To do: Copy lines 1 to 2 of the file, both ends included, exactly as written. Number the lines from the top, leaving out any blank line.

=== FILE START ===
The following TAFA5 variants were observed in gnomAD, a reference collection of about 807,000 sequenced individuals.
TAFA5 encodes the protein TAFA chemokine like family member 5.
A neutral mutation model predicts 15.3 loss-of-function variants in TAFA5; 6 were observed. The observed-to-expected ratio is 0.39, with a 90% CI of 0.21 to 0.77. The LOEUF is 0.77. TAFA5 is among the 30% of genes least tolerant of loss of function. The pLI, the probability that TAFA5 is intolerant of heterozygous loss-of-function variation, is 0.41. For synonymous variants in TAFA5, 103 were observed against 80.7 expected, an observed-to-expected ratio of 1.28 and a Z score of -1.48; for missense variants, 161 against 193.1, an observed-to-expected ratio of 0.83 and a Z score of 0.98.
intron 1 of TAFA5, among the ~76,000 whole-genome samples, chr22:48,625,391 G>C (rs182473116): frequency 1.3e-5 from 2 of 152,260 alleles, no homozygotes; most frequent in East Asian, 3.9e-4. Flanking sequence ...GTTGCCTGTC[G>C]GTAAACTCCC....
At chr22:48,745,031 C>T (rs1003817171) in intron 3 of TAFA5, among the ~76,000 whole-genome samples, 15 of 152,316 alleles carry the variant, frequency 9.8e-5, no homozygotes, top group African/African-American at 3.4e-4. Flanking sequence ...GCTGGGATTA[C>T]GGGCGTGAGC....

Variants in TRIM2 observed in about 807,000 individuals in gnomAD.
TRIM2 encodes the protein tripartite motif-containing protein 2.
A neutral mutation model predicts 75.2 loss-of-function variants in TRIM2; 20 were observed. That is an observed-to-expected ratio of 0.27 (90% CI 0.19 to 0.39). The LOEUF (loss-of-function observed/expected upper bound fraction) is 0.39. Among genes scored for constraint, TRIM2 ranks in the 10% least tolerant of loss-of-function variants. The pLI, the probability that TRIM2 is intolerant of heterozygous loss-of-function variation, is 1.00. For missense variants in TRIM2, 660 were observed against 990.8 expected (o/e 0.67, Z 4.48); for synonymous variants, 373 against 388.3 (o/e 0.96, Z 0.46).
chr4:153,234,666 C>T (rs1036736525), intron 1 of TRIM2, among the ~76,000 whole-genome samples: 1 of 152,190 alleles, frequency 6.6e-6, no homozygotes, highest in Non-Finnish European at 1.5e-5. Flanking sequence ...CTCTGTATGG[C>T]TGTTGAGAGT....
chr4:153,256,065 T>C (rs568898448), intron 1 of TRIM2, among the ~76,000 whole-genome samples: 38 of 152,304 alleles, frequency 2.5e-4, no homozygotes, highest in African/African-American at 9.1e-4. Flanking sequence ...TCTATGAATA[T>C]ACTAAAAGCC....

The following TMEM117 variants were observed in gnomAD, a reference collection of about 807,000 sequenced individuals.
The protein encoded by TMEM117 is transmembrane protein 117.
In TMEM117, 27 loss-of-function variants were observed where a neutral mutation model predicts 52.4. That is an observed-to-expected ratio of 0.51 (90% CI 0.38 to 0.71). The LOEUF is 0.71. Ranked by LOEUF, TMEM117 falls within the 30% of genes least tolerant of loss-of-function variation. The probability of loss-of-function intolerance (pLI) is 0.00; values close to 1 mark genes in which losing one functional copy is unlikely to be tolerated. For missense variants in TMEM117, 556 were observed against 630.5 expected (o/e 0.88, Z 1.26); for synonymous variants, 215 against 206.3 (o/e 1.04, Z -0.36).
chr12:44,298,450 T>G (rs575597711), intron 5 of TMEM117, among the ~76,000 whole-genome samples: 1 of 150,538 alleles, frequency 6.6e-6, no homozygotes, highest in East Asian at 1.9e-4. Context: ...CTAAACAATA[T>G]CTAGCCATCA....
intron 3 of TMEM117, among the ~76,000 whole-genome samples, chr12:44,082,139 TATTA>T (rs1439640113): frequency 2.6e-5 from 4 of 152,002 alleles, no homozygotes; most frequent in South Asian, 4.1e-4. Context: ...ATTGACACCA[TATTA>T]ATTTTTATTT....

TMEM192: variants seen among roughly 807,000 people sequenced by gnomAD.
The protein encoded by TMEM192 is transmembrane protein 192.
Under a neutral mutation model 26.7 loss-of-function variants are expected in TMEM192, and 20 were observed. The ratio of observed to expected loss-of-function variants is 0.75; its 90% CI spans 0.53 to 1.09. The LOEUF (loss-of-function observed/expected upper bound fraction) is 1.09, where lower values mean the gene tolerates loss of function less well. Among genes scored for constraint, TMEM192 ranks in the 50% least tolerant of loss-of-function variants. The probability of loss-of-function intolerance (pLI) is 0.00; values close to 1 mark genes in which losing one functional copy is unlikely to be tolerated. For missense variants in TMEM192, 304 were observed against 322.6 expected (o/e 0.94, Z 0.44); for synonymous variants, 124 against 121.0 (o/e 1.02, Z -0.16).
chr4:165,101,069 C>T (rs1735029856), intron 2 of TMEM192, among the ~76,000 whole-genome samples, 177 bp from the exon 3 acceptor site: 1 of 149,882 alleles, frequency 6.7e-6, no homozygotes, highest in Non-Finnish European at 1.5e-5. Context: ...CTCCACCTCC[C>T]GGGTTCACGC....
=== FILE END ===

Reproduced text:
The following TAFA5 variants were observed in gnomAD, a reference collection of about 807,000 sequenced individuals.
TAFA5 encodes the protein TAFA chemokine like family member 5.